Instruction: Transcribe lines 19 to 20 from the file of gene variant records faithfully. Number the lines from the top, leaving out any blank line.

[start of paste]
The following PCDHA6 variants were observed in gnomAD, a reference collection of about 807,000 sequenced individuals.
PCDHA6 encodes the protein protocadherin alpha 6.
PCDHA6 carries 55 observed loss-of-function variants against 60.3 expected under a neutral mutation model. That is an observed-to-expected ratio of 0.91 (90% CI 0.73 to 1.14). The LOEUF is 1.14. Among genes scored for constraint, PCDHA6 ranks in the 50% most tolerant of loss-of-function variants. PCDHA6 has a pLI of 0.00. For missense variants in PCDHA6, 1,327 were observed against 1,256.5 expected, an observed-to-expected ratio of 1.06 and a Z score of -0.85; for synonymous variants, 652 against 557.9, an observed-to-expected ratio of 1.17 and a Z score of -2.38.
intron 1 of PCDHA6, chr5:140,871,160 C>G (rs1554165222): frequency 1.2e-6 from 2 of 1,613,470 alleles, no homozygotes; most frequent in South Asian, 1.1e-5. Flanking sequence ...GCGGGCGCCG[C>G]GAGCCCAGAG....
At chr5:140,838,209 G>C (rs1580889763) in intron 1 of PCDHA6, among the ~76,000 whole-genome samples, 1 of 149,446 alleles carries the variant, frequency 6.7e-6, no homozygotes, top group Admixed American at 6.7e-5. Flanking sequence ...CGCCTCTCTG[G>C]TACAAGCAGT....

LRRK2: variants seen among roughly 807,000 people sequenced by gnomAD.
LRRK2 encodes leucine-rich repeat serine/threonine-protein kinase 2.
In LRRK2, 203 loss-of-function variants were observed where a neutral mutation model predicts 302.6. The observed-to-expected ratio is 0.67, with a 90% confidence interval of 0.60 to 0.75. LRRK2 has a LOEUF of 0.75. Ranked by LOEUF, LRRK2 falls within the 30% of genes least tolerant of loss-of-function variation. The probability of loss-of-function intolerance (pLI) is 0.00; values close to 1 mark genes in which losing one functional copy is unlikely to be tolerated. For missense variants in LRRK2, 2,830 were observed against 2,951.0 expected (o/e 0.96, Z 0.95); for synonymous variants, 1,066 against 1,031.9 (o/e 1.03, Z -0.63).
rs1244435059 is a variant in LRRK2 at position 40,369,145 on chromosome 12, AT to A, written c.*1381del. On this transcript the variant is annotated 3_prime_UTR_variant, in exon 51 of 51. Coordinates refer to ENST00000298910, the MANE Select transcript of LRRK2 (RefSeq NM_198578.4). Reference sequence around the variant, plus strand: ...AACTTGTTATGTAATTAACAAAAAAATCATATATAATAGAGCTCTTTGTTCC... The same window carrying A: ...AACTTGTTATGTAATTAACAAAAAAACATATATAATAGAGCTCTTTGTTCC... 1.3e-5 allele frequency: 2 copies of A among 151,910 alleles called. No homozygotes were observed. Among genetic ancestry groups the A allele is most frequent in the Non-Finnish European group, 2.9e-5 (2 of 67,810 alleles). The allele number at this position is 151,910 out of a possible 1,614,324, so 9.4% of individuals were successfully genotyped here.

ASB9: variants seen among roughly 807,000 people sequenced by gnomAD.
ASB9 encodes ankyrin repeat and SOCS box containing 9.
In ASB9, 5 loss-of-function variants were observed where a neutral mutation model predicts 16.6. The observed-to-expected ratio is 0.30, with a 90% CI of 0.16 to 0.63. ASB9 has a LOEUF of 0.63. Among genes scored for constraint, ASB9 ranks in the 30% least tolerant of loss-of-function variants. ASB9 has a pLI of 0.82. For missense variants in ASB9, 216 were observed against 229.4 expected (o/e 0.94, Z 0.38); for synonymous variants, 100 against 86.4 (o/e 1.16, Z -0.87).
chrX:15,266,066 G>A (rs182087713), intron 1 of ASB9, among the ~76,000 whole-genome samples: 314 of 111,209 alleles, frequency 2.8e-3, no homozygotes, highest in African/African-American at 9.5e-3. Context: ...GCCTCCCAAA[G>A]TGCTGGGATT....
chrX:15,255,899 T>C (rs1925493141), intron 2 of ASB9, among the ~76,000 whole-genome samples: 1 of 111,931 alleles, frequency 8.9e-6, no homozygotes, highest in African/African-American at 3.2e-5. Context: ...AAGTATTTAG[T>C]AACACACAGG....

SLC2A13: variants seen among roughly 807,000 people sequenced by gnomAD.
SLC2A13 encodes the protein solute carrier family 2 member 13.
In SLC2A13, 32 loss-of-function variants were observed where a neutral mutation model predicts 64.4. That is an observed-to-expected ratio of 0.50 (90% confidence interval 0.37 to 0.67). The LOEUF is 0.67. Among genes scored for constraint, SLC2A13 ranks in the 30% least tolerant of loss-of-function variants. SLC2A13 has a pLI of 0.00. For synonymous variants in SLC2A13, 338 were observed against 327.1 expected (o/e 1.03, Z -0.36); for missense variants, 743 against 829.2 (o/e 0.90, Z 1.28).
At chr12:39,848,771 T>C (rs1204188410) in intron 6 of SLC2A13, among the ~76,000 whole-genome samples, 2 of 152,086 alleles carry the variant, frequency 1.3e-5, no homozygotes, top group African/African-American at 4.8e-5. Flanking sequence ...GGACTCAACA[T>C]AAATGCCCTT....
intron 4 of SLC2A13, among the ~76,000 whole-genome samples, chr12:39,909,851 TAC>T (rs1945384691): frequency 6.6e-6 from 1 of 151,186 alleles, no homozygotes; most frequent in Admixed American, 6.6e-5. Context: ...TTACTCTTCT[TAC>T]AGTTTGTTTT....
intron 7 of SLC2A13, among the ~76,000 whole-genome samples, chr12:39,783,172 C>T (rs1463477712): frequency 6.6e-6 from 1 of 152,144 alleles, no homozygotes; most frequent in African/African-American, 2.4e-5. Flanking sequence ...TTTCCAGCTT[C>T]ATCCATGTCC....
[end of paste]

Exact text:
intron 4 of SLC2A13, among the ~76,000 whole-genome samples, chr12:39,909,851 TAC>T (rs1945384691): frequency 6.6e-6 from 1 of 151,186 alleles, no homozygotes; most frequent in Admixed American, 6.6e-5. Context: ...TTACTCTTCT[TAC>T]AGTTTGTTTT....
intron 7 of SLC2A13, among the ~76,000 whole-genome samples, chr12:39,783,172 C>T (rs1463477712): frequency 6.6e-6 from 1 of 152,144 alleles, no homozygotes; most frequent in African/African-American, 2.4e-5. Flanking sequence ...TTTCCAGCTT[C>T]ATCCATGTCC....